as when fire kindles brushwood
and the fire causes water to boil–

to make your name known to your adversaries,
so that the nations might tremble at your presence!

When you did awesome deeds that we did not expect,
you came down, the mountains quaked at your presence.

From ages past no one has heard,
no ear has perceived,

no eye has seen any God besides you,
who works for those who wait for him.

You meet those who gladly do right,
those who remember you in your ways.

But you were angry, and we sinned;
because you hid yourself we transgressed.

We have all become like one who is unclean,
and all our righteous deeds are like a filthy cloth.

We all fade like a leaf,
and our iniquities, like the wind, take us away.

There is no one who calls on your name,
or attempts to take hold of you;

for you have hidden your face from us,
and have delivered us into the hand of our iniquity.

Yet, O Lord, you are our Father;
we are the clay, and you are our potter;
we are all the work of your hand.

Do not be exceedingly angry, O Lord,
and do not remember iniquity forever.
Now consider, we are all your people.

In the Name of the Father, and of the Son, and of the Holy Spirit, Amen.

In 1943, our country was in what would become the final years of World War II. As many of you know, this was the deadliest conflict in human history, claiming between 50 million and 85 million lives. From 1939 to 1941, Germany conquered or otherwise took over much of Europe and in 1941, Japan quickly conquered most of the western Pacific. The tide of the war turned in 1942 with a series of strategic losses which continued into a full-scale retreat by Axis forces in 1943. There was a sense among Americans that the war truly was winnable, but service members who were deployed didn’t know how much longer it would take. They didn’t know how much longer they would be in harm’s way, how much longer they would be far from home.

It was during this year that Bing Crosby released what went on to become one of his best-known recordings, “I’ll be home for Christmas.” It quickly became the most requested song at USO shows around the world. The longing for home expressed in the song still resonates today with anyone who longs to be home, particularly for the holidays, whether or not the home you long for even exists anymore.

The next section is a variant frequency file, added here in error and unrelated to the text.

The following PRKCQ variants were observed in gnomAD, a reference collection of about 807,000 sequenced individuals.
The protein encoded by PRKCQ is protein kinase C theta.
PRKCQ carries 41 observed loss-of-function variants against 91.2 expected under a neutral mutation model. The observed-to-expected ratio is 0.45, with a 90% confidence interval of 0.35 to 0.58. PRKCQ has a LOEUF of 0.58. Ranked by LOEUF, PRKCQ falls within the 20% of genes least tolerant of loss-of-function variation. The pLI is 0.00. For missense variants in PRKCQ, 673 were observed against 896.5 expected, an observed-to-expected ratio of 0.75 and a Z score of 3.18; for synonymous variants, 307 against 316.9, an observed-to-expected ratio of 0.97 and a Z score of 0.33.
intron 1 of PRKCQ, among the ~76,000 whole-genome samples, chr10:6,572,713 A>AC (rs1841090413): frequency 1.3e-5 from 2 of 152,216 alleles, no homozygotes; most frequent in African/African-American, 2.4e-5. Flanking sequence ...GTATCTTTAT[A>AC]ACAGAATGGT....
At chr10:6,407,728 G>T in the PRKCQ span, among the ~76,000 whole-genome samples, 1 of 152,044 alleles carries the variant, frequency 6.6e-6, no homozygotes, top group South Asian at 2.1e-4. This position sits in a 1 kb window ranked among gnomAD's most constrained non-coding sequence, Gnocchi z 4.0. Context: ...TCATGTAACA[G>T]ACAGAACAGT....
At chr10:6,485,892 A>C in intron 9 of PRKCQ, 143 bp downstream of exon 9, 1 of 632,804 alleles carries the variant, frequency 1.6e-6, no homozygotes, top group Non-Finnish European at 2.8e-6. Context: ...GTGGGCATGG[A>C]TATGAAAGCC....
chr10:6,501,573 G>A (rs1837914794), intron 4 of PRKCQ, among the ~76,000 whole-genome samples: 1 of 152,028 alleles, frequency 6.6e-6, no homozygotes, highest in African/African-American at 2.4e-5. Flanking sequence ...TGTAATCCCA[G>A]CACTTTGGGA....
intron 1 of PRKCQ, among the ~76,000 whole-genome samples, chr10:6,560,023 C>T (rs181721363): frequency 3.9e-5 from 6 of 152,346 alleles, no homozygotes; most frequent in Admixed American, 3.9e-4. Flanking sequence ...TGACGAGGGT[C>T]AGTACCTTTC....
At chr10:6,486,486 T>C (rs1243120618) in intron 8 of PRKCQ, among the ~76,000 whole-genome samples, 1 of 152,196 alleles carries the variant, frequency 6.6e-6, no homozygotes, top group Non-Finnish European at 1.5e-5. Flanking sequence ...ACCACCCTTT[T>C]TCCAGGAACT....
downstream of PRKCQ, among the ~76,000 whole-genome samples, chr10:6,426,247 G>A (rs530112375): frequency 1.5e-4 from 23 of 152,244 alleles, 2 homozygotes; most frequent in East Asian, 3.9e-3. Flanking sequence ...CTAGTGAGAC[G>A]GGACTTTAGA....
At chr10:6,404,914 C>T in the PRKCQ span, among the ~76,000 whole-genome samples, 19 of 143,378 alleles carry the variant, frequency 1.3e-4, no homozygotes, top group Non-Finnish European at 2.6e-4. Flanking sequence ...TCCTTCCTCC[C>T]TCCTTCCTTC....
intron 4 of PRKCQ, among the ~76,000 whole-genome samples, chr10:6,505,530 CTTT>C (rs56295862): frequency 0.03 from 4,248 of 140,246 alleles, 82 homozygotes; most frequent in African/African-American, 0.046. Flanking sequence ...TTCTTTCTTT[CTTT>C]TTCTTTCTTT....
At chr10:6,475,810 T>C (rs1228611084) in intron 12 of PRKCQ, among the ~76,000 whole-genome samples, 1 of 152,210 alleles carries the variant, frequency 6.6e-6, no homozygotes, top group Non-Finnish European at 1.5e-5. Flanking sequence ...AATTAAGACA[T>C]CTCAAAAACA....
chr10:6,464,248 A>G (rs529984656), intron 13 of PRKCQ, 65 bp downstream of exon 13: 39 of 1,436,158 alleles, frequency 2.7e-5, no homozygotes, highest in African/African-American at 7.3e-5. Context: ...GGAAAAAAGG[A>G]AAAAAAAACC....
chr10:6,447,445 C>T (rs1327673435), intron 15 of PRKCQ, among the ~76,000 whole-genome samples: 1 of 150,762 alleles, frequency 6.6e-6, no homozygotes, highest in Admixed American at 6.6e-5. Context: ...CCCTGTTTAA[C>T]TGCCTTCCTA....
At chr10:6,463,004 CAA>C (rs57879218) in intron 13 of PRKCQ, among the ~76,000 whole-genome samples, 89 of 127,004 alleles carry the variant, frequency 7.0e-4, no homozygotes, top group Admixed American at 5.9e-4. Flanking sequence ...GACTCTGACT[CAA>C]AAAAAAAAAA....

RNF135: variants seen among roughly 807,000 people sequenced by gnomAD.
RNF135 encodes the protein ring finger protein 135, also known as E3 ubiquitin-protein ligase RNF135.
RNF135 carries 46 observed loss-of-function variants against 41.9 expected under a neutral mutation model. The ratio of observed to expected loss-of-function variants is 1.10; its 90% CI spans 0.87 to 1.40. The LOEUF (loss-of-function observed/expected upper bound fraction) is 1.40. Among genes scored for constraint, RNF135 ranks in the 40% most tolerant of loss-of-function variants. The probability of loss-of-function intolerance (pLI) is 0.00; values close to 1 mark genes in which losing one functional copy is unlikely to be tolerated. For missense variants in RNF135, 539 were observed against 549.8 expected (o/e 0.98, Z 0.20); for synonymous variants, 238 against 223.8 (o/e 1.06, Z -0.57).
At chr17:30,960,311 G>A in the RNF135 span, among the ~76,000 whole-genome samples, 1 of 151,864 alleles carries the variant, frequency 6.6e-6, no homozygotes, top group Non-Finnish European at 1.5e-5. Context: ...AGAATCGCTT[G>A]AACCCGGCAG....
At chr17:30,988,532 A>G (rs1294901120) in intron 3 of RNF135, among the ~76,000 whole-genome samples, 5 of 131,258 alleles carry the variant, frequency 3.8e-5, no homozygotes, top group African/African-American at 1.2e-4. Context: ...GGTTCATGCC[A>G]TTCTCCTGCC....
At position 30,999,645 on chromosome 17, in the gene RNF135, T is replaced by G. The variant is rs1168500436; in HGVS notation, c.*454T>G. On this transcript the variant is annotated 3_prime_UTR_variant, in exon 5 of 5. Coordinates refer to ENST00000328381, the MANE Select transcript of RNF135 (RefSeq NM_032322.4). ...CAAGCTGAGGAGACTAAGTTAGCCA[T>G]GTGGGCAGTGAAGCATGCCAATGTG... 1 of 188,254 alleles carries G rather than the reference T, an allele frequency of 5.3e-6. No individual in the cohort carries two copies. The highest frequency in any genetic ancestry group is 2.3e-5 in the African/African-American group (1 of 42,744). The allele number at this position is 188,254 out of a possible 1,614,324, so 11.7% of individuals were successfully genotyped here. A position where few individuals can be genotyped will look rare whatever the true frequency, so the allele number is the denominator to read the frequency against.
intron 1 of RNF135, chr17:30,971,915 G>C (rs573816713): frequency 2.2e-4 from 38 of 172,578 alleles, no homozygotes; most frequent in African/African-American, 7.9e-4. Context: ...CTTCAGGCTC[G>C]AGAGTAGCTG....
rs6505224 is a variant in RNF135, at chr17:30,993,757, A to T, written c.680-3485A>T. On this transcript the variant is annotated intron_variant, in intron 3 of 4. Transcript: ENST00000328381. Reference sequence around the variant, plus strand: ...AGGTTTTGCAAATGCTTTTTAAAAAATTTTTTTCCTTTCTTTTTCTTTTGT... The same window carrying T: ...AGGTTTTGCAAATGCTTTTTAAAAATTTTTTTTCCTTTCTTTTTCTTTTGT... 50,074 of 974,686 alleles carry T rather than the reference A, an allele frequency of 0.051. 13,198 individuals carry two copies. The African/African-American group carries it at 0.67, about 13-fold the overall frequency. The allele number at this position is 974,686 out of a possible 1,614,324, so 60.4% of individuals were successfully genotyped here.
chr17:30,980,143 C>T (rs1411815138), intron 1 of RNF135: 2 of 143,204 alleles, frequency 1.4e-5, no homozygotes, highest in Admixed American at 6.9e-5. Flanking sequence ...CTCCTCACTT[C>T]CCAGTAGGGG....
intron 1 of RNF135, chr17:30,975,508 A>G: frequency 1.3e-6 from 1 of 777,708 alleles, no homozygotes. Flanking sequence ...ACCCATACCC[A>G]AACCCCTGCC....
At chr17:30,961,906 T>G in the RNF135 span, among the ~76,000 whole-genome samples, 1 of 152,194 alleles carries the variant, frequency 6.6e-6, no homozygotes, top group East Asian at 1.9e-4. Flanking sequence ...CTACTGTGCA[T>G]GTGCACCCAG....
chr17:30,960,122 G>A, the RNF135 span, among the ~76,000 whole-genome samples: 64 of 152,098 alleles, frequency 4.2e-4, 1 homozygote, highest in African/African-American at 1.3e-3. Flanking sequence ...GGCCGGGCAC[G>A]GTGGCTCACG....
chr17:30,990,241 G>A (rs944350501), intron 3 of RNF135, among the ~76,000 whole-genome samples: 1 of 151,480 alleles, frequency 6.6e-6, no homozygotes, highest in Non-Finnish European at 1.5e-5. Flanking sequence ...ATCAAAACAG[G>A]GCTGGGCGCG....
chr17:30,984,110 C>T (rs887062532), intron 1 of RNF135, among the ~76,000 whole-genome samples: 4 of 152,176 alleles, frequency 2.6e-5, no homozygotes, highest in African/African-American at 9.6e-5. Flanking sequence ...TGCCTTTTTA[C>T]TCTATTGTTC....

This longing to go home is actually the dominant image behind the reading for today from the Hebrew Bible, from Isaiah 40. Whereas the first half of the book of Isaiah announced judgment upon a people who had allowed sin and injustice to reign in their country, this chapter marks the beginning of the second half of the book. In this second half of the book, the prophet now proclaims God’s comfort to those exiles who have languished for decades in Babylon. The prophet cries out for a highway to be made in the wilderness, for valleys to be lifted and mountains brought low so that the path can be as straight as possible, so that God’s people may return home. “Here is your God,” the prophet exclaims. He says that God will gather the exiles like lambs into his arms and gently carry them back to their home.

And yet, underneath this nostalgic longing for home, there is a profound theological shift happening among God’s people in exile. In Scriptural writings before the exile, the people of Israel are what is known as a “henotheistic” people. That is, they are not true monotheists (believing only in one God), rather, as henotheists they believe that their God, Yahweh, is the God of their own people, their own nation and tribe. As henotheists, they believed that any success they had as a country—in particular, any military success—was because their God was stronger and more powerful than the gods of the nations around them.

The Chaldees Destroy the Brazen Sea, Artist: Tissot, Photographer: John Parnell, Photo © The Jewish Museum, New York

The exile, however, destroyed the foundations of their henotheism. It appeared that the God of Abraham, Isaac, and Jacob, the God of their people was vanquished by the gods of the Babylonians. And so, in the time of exile, they began reconsidering what it meant to believe in God, how their belief in God related to the destruction of their country, how it related to the nations of the rest of the earth.

First, the prophets begin to understand God’s dominion as truly extending over all the earth. So they insist that God is still present with them, far from home, in the land of their exile. God will bring them home.

But even more, they start believing that their God is not greater than the gods of other nations. Instead, they start to become monotheists, believing that their God truly is the only God… and that this God is the God of all people and all nations.

This is a profound theological shift. And so, in our reading for today, when God’s glory is revealed it is not just for the exiled people of Judah. Instead, the prophet says that all people will see this glory together. And as Isaiah continues in the rest of the book, it becomes clear that it is not just the people of Judah who will be rescued. Instead, the comfort that Isaiah imagines is a comfort that will be for all people and all nations. For Isaiah, it is not just the people of Judah who are going home. Rather, all people will find their home in God.